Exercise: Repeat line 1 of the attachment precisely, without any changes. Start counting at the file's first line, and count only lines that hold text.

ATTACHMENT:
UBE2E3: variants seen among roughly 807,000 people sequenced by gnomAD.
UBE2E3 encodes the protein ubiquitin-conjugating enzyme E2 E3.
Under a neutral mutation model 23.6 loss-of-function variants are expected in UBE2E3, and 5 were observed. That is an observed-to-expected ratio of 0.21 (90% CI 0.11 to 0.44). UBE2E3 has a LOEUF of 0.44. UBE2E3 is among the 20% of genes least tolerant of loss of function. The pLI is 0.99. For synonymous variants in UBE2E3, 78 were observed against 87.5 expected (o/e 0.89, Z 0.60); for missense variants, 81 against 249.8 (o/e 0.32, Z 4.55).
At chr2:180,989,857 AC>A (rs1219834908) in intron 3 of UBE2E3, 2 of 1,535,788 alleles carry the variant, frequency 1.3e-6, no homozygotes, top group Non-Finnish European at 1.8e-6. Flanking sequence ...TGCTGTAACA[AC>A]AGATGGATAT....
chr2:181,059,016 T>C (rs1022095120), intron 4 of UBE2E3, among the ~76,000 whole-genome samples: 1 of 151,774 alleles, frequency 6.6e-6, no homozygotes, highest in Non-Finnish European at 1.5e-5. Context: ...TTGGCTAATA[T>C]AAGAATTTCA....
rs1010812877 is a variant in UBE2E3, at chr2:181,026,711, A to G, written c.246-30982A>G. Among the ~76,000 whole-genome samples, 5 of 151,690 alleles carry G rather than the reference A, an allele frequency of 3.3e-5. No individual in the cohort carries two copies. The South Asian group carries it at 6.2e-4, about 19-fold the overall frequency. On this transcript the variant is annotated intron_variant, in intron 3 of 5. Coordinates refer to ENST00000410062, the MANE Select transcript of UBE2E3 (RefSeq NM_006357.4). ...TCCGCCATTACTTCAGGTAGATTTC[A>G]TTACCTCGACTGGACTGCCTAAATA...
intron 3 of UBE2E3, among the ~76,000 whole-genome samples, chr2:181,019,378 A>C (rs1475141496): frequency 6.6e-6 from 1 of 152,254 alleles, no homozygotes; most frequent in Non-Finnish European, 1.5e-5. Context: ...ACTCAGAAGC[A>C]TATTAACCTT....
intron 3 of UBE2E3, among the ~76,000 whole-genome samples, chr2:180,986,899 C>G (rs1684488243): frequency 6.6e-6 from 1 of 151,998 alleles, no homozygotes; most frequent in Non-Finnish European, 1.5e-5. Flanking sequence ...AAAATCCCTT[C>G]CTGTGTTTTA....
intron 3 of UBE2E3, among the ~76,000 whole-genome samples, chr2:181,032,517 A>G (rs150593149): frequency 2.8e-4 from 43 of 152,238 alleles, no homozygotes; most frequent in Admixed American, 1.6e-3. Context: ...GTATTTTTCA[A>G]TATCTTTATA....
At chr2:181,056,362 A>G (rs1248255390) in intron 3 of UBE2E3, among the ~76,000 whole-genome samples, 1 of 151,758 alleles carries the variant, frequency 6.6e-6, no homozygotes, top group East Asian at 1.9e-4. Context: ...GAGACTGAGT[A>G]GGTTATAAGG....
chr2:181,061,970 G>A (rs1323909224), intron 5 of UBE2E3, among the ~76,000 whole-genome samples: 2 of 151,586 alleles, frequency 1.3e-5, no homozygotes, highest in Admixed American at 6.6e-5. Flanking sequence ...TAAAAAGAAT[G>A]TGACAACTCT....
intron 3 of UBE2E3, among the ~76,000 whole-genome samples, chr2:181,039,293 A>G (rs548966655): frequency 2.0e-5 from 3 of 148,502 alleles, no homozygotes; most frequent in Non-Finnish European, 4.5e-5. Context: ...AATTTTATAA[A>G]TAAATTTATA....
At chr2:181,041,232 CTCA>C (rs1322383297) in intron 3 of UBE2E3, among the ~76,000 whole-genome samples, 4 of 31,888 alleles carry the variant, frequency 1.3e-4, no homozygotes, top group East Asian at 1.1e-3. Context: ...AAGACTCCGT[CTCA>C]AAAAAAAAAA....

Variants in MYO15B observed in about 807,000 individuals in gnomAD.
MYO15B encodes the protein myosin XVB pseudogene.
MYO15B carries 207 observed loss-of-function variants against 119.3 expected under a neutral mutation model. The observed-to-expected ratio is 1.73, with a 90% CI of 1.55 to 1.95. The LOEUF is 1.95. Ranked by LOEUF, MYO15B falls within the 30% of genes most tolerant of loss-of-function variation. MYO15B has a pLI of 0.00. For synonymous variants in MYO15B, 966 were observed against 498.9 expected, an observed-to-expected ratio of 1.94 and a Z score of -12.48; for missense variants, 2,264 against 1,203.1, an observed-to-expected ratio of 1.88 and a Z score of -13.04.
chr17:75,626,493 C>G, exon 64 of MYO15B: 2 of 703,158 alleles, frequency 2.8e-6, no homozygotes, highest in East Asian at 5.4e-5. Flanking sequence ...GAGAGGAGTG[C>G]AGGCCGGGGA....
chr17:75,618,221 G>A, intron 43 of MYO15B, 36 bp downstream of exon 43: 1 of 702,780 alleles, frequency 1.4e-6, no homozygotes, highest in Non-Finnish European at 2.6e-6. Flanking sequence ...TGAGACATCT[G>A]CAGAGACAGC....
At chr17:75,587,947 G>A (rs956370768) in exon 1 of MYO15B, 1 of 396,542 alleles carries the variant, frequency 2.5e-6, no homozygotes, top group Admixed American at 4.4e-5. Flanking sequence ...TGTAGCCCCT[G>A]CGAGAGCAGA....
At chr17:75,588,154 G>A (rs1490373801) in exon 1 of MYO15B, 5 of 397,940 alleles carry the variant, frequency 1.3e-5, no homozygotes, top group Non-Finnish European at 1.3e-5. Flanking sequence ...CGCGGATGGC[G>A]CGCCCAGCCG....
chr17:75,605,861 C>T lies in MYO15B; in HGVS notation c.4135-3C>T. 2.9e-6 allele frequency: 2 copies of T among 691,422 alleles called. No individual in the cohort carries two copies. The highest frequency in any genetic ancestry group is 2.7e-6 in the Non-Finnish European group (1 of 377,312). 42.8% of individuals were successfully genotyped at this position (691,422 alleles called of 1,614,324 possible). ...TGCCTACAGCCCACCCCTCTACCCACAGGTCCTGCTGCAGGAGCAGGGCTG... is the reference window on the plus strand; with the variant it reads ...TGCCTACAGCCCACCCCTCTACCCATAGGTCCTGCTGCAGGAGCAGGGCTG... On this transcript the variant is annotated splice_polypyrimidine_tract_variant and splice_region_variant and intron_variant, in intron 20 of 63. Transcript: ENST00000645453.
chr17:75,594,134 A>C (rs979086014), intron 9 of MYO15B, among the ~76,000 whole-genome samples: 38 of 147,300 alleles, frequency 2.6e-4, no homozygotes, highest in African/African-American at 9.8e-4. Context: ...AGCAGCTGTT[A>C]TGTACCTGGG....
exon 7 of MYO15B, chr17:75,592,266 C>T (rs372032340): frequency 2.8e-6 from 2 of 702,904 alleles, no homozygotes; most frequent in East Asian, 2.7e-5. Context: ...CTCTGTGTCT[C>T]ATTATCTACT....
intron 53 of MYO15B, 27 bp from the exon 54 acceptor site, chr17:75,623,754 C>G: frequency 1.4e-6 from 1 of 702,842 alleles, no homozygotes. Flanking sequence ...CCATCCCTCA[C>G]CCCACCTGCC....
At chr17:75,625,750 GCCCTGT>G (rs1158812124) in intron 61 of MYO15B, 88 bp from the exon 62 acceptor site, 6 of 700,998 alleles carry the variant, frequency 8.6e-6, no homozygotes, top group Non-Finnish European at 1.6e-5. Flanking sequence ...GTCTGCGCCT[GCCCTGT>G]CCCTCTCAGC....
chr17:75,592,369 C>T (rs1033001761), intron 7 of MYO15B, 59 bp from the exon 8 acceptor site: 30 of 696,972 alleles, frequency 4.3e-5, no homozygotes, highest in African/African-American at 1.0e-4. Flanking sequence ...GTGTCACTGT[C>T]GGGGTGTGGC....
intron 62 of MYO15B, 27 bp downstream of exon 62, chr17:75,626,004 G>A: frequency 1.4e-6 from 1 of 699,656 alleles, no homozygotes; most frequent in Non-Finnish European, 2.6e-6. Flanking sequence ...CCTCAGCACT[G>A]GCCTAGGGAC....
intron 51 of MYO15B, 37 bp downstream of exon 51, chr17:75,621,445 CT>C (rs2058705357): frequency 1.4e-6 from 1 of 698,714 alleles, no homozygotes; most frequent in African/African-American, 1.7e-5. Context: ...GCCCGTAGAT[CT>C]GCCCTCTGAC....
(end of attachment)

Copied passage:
UBE2E3: variants seen among roughly 807,000 people sequenced by gnomAD.